mymizu is the poster child of the social innovation movement in Japan. Their mission is to help Japanese and international users stay hydrated without using eco-damaging PET bottles, therefore minimizing their use and raising awareness of the problems surrounding single-use plastic consumption.
A major part of the strategy for achieving this mission is the mymizu app. After releasing a prototype version on iOS in summer 2019 mymizu gathered a lot of attention from consumers and the media, confirming they were onto something special.
Thanks to newfound support from a corporate partner, they were able to commit to a long-term plan for the app, including adding Android support, incorporating new features, and improving the general user experience. When they approached Tacchi for help with this we naturally jumped on board!
Designing the User Experience
We worked in collaboration with the mymizu team to create a UI design that was usable, modern, and worked effectively on smartphones of all screen sizes and types in both Japanese and English.
The app centers around a map that allows users to discover places they can refill their water bottles at. In addition to public spots such as water fountains, the places include a growing number of businesses, who have signed up to offer free water refills with no strings attached.
We created a design that took the basics presented in the original app release and added a new level of interaction and visual refinement when navigating the refill locations and viewing their details.
This new version of the app also focused on tracking and displaying data about personal and global refills and their impact on the environment. This included enabling users to log a refill at a location on the map or at a private spot such as their home or office.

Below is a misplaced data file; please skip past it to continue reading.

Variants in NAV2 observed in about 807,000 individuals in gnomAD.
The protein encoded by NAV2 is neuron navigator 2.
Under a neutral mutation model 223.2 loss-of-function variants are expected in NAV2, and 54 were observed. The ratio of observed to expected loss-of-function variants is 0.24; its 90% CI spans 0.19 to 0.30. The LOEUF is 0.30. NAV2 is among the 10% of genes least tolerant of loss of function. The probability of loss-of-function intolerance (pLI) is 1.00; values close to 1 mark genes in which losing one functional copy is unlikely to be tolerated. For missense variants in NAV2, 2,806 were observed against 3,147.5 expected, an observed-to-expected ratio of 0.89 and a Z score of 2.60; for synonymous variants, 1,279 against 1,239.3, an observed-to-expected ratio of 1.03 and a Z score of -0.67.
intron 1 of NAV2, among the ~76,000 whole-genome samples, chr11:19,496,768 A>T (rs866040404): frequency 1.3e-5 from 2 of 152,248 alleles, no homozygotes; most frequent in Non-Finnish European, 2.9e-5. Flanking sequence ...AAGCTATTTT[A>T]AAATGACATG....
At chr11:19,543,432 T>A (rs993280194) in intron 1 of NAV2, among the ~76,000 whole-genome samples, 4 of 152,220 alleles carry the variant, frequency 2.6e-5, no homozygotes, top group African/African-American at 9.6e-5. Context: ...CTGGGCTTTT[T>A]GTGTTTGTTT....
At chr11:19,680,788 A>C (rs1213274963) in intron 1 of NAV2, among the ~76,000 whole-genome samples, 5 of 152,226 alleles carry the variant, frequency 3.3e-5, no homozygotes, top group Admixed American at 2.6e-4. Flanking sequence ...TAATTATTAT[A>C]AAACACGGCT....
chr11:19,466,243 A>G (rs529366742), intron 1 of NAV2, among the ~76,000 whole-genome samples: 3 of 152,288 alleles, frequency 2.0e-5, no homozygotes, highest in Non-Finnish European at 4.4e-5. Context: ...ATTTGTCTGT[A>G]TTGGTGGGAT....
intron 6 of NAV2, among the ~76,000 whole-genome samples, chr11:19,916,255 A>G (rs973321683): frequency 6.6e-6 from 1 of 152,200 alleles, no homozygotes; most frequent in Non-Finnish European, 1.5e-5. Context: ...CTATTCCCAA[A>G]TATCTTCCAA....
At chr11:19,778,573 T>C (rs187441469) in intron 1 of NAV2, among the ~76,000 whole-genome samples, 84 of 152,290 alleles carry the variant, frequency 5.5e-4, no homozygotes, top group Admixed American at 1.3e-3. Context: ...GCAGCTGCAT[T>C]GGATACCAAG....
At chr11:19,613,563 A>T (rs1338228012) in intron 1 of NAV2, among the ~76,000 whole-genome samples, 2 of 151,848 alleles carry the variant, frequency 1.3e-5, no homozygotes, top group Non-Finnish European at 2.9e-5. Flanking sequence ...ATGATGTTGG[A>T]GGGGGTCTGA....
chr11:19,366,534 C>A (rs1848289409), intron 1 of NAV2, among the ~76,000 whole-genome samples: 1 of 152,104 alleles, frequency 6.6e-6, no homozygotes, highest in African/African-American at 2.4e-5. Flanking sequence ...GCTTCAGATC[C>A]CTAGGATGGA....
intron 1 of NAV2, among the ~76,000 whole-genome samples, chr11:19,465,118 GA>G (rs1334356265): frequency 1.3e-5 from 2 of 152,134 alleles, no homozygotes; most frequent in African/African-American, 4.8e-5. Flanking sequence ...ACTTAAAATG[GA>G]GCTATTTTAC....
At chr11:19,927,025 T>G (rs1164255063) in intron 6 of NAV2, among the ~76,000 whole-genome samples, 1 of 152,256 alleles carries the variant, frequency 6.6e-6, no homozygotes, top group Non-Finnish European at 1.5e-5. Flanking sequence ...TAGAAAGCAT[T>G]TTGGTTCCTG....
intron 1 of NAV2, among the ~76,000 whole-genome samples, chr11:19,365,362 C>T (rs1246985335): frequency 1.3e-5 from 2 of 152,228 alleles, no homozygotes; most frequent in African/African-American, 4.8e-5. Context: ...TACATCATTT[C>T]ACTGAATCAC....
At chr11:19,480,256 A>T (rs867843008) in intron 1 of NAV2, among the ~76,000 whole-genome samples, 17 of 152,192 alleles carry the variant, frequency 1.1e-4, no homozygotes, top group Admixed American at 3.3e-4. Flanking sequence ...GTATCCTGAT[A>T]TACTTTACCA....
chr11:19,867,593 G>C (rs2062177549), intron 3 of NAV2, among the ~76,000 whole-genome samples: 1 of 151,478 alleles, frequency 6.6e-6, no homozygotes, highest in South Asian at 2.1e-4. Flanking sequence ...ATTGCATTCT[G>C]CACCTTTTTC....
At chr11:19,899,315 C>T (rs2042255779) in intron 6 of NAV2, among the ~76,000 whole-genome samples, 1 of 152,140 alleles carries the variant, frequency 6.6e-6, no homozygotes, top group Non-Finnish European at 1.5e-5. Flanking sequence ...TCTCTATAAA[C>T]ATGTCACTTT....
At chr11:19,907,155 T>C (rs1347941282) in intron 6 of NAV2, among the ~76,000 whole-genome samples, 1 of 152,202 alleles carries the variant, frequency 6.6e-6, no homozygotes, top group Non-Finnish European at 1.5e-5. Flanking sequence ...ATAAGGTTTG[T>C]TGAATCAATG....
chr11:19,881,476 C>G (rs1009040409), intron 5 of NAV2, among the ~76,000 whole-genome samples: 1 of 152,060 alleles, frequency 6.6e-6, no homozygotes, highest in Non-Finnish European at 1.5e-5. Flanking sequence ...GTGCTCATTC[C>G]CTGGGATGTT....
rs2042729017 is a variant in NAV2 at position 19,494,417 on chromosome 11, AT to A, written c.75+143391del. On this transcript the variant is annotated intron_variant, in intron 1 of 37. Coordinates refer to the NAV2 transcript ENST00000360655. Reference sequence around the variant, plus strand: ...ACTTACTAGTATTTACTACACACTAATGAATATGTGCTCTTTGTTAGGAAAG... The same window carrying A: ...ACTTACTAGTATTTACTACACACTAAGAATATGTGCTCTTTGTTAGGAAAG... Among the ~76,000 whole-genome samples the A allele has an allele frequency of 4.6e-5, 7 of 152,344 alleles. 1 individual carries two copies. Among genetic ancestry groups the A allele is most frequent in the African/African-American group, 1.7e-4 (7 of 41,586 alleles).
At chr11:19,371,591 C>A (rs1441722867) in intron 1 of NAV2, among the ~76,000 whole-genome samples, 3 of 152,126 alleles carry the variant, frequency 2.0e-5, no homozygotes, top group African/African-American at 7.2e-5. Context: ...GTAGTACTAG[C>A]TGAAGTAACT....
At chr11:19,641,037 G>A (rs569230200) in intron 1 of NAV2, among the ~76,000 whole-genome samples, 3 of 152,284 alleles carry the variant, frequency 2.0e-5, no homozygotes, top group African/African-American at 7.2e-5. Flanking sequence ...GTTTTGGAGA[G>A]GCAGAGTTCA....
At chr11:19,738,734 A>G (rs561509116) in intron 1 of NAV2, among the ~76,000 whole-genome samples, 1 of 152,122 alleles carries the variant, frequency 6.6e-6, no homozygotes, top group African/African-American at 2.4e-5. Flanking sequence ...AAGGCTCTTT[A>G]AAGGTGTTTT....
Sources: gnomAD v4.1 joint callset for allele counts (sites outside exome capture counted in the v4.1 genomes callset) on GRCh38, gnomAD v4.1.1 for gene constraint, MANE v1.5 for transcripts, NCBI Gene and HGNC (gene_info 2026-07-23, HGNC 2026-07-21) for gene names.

Building the Mobile App with React Native
Because the mymizu team wanted to release on iOS and Android, had a tight target release date, and were conscious of long-term development efficiency, we knew immediately that React Native was the way to go for this app. Using React Native allowed us to write a single codebase to support both iOS and Android; something not possible with historically traditional methods such as using Swift or Objective-C for iOS and Kotlin or Java for Android.
Ensuring a platform-native experience
Using our deep experience of designing and building cross-platform apps with React Native, which in turn was based on years of traditional iOS and Android development experience, we were able to ensure that the app felt like a true native iOS app for iOS users and likewise for those with Android devices.
To ensure this continues to be the case into the future as these mobile platforms evolve, we made use of our favourite library for building out the inter-screen navigation in the app: React Native Navigation. Please check our Navigation in React Native article if you’d like to learn more.
Integrating with mymizu’s web service
As is common with many mobile apps, it was necessary to retrieve from and send data to a centralized web service that hosted a database of refill locations, user data, and other content.
As the pre-existing web server developed by mymizu’s internal team had a RESTful API, we used Redux alongside Redux Axios Middleware for handling the network request and local data storage parts of the app.
This industry-standard combination allows for decoupling of network, data store, and view logic, ensuring a clear separation of concerns so that development speed does not degrade unnecessarily as the product grows in complexity, especially as the development team increases in size.
Displaying hundreds of locations on the map at once
React Native Maps is the de-facto solution when working with maps in React Native. As the map portion of the app required clustering of the pins to show an area with many locations in a clean way we had to consider the best option to handle this, as React Native Maps did not include clustering support.
Ensuring app stability with automated testing
Finally, we made use of the fantastic Detox interface testing library to ensure that the app continues to function correctly as the codebase is worked on to add new features or make changes. This reduces the time to manually test the app for regressions (bugs that appear in previously working features), allowing for a more rapid development and release process.